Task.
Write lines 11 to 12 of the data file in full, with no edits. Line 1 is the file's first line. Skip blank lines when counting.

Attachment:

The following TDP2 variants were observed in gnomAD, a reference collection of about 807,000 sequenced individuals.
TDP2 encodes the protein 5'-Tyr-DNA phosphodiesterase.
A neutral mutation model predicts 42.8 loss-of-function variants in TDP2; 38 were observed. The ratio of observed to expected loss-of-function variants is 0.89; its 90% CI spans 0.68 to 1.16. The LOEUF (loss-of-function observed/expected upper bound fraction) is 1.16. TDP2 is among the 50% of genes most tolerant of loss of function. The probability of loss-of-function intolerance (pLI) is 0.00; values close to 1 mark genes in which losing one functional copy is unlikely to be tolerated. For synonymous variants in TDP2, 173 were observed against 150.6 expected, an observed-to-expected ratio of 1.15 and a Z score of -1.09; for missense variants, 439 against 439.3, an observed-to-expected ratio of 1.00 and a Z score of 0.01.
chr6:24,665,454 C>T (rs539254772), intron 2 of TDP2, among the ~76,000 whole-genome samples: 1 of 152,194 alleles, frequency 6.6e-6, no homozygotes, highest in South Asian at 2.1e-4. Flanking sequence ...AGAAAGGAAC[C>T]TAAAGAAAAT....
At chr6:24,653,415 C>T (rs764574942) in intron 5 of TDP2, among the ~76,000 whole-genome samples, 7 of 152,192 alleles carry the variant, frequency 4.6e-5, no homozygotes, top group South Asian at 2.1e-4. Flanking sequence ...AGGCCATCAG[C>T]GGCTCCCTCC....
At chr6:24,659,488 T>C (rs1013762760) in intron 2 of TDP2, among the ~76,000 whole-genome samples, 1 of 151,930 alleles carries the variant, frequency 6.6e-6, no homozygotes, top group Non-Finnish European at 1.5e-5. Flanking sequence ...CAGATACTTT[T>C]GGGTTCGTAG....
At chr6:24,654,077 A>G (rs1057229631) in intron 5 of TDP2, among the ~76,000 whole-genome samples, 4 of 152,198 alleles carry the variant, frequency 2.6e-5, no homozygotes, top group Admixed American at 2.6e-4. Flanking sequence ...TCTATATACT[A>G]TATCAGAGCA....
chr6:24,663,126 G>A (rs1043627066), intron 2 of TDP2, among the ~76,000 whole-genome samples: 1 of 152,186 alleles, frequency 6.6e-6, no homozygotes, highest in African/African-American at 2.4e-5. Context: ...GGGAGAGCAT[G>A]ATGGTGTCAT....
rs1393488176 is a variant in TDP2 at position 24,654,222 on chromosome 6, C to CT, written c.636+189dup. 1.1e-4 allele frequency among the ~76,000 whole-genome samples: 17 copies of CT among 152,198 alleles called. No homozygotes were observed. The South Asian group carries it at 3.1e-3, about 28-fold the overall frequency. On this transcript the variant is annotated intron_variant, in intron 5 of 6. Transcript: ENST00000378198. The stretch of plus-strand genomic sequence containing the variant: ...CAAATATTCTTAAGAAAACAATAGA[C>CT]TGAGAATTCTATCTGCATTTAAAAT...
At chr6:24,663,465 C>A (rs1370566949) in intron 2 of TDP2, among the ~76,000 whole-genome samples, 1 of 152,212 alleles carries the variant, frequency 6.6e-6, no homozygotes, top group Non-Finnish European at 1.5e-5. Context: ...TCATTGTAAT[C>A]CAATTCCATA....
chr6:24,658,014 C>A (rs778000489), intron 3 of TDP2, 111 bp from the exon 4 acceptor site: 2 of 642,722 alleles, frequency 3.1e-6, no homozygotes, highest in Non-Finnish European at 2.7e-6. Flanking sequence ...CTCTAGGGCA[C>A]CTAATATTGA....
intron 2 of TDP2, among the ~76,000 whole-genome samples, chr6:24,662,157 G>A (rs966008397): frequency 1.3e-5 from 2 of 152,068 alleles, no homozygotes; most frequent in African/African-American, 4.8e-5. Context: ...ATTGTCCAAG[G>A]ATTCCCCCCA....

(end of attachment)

chr6:24,658,014 C>A (rs778000489), intron 3 of TDP2, 111 bp from the exon 4 acceptor site: 2 of 642,722 alleles, frequency 3.1e-6, no homozygotes, highest in Non-Finnish European at 2.7e-6. Flanking sequence ...CTCTAGGGCA[C>A]CTAATATTGA....
intron 2 of TDP2, among the ~76,000 whole-genome samples, chr6:24,662,157 G>A (rs966008397): frequency 1.3e-5 from 2 of 152,068 alleles, no homozygotes; most frequent in African/African-American, 4.8e-5. Context: ...ATTGTCCAAG[G>A]ATTCCCCCCA....